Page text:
As we drift, decisions are irresponsible. Solomon wrote in Proverbs 27:8, “As a bird that wandereth from her nest, so is a man that wandereth from his place.” The word “wandereth” means “to stray, drift away.” Have you ever observed how cattle escape their fenced pasture? It’s not like one cow finds a hole in the fence and calls a meeting of the herd to let them in on the secret. A cow will drift from a clump of grass to another clump of grass until it comes to an opening in the fence. The cow then drifts to a clump of grass outside the fence and continues on until ultimately it is lost. Such was the case of Elijah who drifted in discouragement beneath the juniper tree when the angel asked, “What doest thou here, Elijah?” Imagine the prodigal son’s surprise when “he came to himself” and was eating corn husks with the swine. Do you wonder if Demas ever imagined that a little drifting toward pleasure would have left him back in the world and labeled a deserter? If only we, and cattle, understood a fence was never erected to deprive us, but rather to protect us. Adrian Rogers once said, “Never move a fence until you find out why the fence was put up.” It will forever stand true that when sin moves in sanity will always move out!
As we drift, disaster is inevitable. During the storm in Acts 27, the sailors cut the ropes and lifted the anchors and took their chances just letting the ship drift. The result was a shipwreck of colossal proportion. Drifting in our society is labeled “diplomacy” or “change”, but history has always defined it as “catastrophic.” The affects from drifting often have an outcome that is quite opposite of what was expected. Lot drifted toward the prosperity of Sodom, but oh, what it would cost him. Achan drifted toward the possessions of Jericho, but oh, how empty handed it left him. Solomon drifted toward the pleasure of many women, but oh, how miserable his latter days would be. It is interesting that a drifting ship is drawn toward the shallow waters of the shore, while a drifting swimmer is pulled into deeper waters. Either way, the result is disaster! Vance Havner once wrote, “Comfort precedes collapse.” There are far too many examples to remind us that those who veer from the course become vulnerable to conceit and are ultimately left a victim of corruption.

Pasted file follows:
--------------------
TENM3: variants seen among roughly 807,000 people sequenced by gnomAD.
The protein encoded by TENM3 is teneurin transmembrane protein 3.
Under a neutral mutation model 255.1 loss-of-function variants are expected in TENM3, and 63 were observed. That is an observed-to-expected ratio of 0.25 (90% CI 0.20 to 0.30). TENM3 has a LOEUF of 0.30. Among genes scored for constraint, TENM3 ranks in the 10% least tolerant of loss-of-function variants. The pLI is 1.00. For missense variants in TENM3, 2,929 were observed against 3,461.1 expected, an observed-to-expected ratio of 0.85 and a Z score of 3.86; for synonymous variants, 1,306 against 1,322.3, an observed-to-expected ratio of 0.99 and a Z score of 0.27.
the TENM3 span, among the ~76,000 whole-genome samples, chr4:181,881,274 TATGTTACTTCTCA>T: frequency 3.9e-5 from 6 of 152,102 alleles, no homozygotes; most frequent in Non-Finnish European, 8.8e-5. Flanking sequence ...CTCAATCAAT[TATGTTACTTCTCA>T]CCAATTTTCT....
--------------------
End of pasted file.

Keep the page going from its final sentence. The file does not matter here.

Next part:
Recently, I saw a child so feverishly at play at a carnival that he never realized the string of a helium balloon had become unattached from his wrist. As I watched it slowly drift heavenward, I pondered what would be the destiny of that balloon. How high it would climb would also be the depth of its fall. The time spent drifting would also be the distance away from home. The Lord is gracious to allow us freedom to make choices in life. However, He does not let us choose the consequences for those choices. If our drifting is picked up on enemy radar, it is only a matter of time until we are awakened by missiles of reality. By then, it will be too late!
Your Most Proud Pastor,
© 2009 Alan Stewart
Alan Stewart: Dr. Alan Stewart has served as Senior Pastor of Rechoboth Baptist since December 1999. He attended The University of Tennessee at Chattanooga, Moody Bible Institute, Covington Theological Seminary, and Mid-America Baptist Theological Seminary.
Prior to pastoring the Tennessee church, Alan was an evangelist for 15 years. He has preached revivals/pastor’s conferences in Tennessee, Georgia, Alabama, Mississippi, Arkansas, North Carolina, South Carolina, Virginia, and Maryland. He also preached crusades/conferences in India, Hungary, and conducted a crusade in South Africa in August of 2009. Pastor Alan is married to Jeanne, and they are blessed with two children – Sierra and Seth.